Secrets of the Dead:Mumbai Massacre

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The 2008 Mumbai attacks (often referred to as November 26 or 26/11) were more than 10 coordinated shooting and bombing attacks across Mumbai, India's largest city, by terrorists who invaded from Pakistani seawaters. The attacks, which drew widespread global condemnation, began on 26 November 2008 and lasted until 29 November, killing 164 people and wounding at least 308.
Eight of the attacks occurred in South Mumbai: at Chhatrapati Shivaji Terminus, the Oberoi Trident the Taj Mahal Palace & Tower, Leopold Cafe, Cama Hospital (a women and children's hospital), Nariman House, the Metro Cinema and a lane behind the Times of India building and St. Xavier's College. There was also an explosion at Mazagaon, in Mumbai's port area, and in a taxi at Vile Parle. By the early morning of 28 November, all sites except for the Taj hotel had been secured by Mumbai Police and security forces.
An action by India's National Security Guards (NSG) on 29 November (the action is officially named Operation Black Tornado) resulted in the death of the last remaining attackers at the Taj hotel, ending all fighting in the attacks.
Ajmal Kasab, the only attacker who was captured alive, disclosed that the attackers were members of Lashkar-e-Taiba, the Pakistan-based militant organisation, considered a terrorist organisation by India, Pakistan, the United States, the United Kingdom, and the United Nations, among others. The Indian government said that the attackers came from Pakistan, and their controllers were in Pakistan. On 7 January 2009, Pakistan's Information Minister Sherry Rehman officially accepted Ajmal Kasab's nationality as Pakistani. On 12 February 2009, Pakistan's Interior Minister Rehman Malik asserted that parts of the attack had been planned in Pakistan. A trial court on 6 May 2010 sentenced Ajmal Kasab to death on five counts.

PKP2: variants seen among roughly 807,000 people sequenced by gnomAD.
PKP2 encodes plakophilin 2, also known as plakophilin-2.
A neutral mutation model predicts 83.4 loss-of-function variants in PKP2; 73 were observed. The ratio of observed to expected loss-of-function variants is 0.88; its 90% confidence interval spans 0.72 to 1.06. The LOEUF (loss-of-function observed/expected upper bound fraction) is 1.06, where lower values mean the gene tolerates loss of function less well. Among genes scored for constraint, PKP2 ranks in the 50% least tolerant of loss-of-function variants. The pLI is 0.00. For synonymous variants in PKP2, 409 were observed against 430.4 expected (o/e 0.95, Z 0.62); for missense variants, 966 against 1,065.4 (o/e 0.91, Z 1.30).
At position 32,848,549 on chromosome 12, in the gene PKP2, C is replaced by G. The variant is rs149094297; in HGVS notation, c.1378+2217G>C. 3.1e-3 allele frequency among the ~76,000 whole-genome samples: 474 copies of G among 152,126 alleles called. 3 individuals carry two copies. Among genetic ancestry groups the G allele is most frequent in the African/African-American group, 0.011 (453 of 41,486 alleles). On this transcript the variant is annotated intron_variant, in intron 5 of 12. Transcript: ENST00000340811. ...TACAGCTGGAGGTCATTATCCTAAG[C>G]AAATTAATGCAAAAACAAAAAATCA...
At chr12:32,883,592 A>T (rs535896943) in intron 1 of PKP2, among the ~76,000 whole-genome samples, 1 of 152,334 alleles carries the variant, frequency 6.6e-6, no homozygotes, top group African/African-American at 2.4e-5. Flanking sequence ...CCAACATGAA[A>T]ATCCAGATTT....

The attackers had planned the attack several months ahead of time and knew some areas well enough for the attackers to vanish, and reappear after security forces had left. Several sources have quoted Kasab telling the police that the group received help from Mumbai residents. The attackers used at least three SIM cards purchased on the Indian side of the border with Bangladesh, pointing to some local collusion. There were also reports of one SIM card purchased in New Jersey, USA. Police had also mentioned that Faheem Ansari, an Indian Lashkar operative who had been arrested in February 2008, had scouted the Mumbai targets for the November attacks.
Later, the police arrested two Indian suspects, Mikhtar Ahmad, who is from Srinagar in Kashmir, and Tausif Rehman, a resident of Kolkata. They supplied the SIM cards, one in Calcutta, and the other in New Delhi. Type 86 Grenades made by China's state-owned Norinco were used in the attacks.
Blood tests on the attackers indicate that they had taken cocaine and LSD during the attacks, to sustain their energy and stay awake for 50 hours. Police say that they found syringes on the scenes of the attacks. There were also indications that they had been taking steroids. The gunman who survived said that the attackers had used Google Earth to familiarise themselves with the locations of buildings used in the attacks.
There were ten gunmen, nine of whom were subsequently shot dead and one captured by security forces. Witnesses reported that they looked to be in their early twenties, wore black t-shirts and jeans, and that they smiled and looked happy as they shot their victims.
It was initially reported that some of the attackers were British citizens, but the Indian government later stated that there was no evidence to confirm this.
Similarly, early reports of twelve gunmen were also later shown to be incorrect. On 9 December, the ten attackers were identified by Mumbai police, along with their home towns in Pakistan: Ajmal Amir from Faridkot, Abu Ismail Dera Ismail Khan from Dera Ismail Khan, Hafiz Arshad and Babr Imran from Multan, Javed from Okara, Shoaib from Narowal, Nazih and Nasr from Faisalabad, Abdul Rahman from Arifwalla, and Fahad Ullah from Dipalpur Taluka. Dera Ismail Khan is in the North-West Frontier Province; the rest of the towns are in Pakistani Punjab.
On 6 April 2010, the Home minister of Maharashtra State, which includes Mumbai, informed the assembly that the bodies of the nine killed Pakistani gunmen from the 2008 attack on Mumbai were buried in a secret location in January 2010. The bodies had been in the mortuary of a Mumbai hospital after Muslim clerics in the city refused to let them be buried on their grounds.

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